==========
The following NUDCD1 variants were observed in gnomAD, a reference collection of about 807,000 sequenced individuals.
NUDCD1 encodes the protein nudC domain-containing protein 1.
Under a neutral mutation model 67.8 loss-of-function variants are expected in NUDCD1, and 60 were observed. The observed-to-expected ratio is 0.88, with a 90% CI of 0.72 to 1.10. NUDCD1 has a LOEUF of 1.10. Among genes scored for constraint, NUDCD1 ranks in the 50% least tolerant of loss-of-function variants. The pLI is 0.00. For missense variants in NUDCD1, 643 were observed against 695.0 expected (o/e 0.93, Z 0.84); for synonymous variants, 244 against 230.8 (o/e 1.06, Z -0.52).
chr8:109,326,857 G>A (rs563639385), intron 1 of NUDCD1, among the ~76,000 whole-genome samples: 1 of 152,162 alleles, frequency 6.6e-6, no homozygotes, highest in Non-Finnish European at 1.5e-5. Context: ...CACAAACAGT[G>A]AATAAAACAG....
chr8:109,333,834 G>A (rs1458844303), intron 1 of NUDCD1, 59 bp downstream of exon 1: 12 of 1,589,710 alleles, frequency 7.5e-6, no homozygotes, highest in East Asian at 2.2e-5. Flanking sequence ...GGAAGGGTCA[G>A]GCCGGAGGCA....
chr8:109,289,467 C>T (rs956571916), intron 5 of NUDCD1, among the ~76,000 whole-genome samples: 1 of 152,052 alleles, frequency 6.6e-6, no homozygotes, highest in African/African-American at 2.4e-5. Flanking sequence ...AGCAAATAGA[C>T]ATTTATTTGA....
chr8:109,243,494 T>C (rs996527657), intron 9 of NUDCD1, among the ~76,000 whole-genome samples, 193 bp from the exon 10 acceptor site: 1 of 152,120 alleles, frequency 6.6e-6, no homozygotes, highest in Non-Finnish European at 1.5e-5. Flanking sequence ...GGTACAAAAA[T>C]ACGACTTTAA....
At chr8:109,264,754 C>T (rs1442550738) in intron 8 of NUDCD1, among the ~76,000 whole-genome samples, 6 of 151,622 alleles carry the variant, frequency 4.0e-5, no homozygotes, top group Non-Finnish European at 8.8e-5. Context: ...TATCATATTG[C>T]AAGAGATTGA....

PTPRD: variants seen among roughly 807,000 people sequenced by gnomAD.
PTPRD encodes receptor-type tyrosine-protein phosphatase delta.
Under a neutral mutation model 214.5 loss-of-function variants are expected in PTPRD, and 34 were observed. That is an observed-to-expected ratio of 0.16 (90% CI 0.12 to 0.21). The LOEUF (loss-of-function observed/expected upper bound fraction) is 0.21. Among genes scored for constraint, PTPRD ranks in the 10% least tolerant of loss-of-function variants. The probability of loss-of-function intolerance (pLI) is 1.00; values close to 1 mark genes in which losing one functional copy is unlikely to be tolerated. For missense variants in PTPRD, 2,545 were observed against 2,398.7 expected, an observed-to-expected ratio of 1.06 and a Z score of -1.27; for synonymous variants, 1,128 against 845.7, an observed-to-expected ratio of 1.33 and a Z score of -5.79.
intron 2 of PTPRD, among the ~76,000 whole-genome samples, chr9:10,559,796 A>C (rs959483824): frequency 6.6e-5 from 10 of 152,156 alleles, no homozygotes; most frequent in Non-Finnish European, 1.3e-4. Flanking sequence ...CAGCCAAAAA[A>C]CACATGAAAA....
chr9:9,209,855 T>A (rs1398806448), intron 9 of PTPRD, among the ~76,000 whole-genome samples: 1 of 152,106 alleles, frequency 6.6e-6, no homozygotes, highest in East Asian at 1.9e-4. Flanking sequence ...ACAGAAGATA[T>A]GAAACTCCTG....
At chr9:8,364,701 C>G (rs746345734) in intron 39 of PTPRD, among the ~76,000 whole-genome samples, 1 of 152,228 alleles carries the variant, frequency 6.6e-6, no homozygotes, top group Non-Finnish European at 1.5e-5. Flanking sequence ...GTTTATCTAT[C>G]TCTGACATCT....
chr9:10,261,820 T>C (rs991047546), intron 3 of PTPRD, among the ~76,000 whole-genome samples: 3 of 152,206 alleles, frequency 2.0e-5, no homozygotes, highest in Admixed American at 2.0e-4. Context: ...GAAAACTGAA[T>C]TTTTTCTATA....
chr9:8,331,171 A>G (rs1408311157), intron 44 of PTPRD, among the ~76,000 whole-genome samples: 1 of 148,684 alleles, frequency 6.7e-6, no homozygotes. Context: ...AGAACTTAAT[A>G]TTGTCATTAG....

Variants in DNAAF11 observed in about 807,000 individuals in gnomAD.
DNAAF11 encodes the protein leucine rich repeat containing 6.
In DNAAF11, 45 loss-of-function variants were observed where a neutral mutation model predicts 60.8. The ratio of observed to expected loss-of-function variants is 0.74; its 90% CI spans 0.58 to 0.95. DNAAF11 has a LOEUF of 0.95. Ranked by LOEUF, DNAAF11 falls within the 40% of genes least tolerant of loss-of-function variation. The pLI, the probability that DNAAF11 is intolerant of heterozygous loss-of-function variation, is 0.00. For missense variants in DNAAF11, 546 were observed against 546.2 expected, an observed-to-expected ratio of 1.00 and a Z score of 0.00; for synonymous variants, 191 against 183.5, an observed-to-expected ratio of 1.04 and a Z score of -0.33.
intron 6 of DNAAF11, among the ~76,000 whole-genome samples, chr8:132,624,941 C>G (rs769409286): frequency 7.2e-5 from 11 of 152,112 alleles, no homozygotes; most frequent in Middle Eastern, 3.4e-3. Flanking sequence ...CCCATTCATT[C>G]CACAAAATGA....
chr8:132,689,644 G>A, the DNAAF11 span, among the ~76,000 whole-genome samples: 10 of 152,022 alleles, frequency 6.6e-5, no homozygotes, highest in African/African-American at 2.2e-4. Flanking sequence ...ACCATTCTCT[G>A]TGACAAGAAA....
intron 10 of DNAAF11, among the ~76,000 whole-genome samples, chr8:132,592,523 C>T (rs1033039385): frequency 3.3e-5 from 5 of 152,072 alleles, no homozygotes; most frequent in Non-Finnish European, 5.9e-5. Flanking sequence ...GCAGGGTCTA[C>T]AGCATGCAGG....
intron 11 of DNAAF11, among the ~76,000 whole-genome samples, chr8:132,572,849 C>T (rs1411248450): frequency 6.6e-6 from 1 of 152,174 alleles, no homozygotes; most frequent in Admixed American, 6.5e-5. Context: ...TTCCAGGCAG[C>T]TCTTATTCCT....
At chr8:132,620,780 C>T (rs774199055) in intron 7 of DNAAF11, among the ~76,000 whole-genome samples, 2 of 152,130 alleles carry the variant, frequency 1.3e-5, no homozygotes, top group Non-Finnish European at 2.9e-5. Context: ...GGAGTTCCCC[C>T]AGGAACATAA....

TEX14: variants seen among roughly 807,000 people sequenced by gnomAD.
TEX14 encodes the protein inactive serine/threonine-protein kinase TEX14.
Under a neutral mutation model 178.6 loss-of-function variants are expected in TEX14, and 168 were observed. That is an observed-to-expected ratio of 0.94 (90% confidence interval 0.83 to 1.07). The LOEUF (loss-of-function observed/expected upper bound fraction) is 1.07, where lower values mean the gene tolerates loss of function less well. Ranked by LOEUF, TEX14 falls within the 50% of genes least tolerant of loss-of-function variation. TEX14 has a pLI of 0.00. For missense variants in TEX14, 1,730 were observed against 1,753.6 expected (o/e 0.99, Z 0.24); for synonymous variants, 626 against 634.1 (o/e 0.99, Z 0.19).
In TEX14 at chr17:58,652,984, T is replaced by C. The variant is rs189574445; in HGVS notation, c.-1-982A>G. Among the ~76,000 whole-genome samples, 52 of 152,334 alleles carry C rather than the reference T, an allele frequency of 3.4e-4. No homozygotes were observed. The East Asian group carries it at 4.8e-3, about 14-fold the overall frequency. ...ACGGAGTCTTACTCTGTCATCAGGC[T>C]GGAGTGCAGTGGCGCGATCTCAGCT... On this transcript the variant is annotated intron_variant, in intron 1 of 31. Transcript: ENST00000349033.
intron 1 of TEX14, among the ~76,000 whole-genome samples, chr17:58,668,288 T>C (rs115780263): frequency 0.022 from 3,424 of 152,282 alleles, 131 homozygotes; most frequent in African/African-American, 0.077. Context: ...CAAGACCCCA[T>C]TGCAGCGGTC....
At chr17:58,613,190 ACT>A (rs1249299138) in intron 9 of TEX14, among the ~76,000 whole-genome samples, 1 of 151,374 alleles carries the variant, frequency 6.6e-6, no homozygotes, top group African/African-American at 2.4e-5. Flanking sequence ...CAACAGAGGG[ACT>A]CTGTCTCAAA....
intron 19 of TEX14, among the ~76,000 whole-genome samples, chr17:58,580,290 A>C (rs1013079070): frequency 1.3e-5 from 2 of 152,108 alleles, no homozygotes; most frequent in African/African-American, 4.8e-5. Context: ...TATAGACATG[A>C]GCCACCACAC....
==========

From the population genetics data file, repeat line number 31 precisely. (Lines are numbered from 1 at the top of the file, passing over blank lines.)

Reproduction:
intron 19 of TEX14, among the ~76,000 whole-genome samples, chr17:58,580,290 A>C (rs1013079070): frequency 1.3e-5 from 2 of 152,108 alleles, no homozygotes; most frequent in African/African-American, 4.8e-5. Context: ...TATAGACATG[A>C]GCCACCACAC....